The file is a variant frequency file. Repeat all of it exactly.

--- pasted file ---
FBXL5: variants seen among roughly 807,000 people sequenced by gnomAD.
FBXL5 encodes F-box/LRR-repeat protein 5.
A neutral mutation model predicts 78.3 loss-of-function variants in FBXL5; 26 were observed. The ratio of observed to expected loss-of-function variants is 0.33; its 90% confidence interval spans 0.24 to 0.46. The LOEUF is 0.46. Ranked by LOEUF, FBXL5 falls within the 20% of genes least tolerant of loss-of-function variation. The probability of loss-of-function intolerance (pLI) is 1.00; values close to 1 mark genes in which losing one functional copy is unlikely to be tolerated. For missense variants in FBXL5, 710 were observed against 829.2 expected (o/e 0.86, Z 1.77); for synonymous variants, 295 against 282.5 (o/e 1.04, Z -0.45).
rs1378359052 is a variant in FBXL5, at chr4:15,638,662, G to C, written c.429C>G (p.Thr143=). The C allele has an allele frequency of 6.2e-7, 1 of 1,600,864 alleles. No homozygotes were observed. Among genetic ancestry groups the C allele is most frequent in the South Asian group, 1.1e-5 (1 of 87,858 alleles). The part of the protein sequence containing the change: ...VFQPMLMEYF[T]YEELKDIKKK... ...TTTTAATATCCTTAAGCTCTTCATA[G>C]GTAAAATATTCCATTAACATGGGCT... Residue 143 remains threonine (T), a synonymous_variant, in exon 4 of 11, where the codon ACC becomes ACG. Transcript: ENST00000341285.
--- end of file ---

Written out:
FBXL5: variants seen among roughly 807,000 people sequenced by gnomAD.
FBXL5 encodes F-box/LRR-repeat protein 5.
A neutral mutation model predicts 78.3 loss-of-function variants in FBXL5; 26 were observed. The ratio of observed to expected loss-of-function variants is 0.33; its 90% confidence interval spans 0.24 to 0.46. The LOEUF is 0.46. Ranked by LOEUF, FBXL5 falls within the 20% of genes least tolerant of loss-of-function variation. The probability of loss-of-function intolerance (pLI) is 1.00; values close to 1 mark genes in which losing one functional copy is unlikely to be tolerated. For missense variants in FBXL5, 710 were observed against 829.2 expected (o/e 0.86, Z 1.77); for synonymous variants, 295 against 282.5 (o/e 1.04, Z -0.45).
rs1378359052 is a variant in FBXL5, at chr4:15,638,662, G to C, written c.429C>G (p.Thr143=). The C allele has an allele frequency of 6.2e-7, 1 of 1,600,864 alleles. No homozygotes were observed. Among genetic ancestry groups the C allele is most frequent in the South Asian group, 1.1e-5 (1 of 87,858 alleles). The part of the protein sequence containing the change: ...VFQPMLMEYF[T]YEELKDIKKK... ...TTTTAATATCCTTAAGCTCTTCATA[G>C]GTAAAATATTCCATTAACATGGGCT... Residue 143 remains threonine (T), a synonymous_variant, in exon 4 of 11, where the codon ACC becomes ACG. Transcript: ENST00000341285.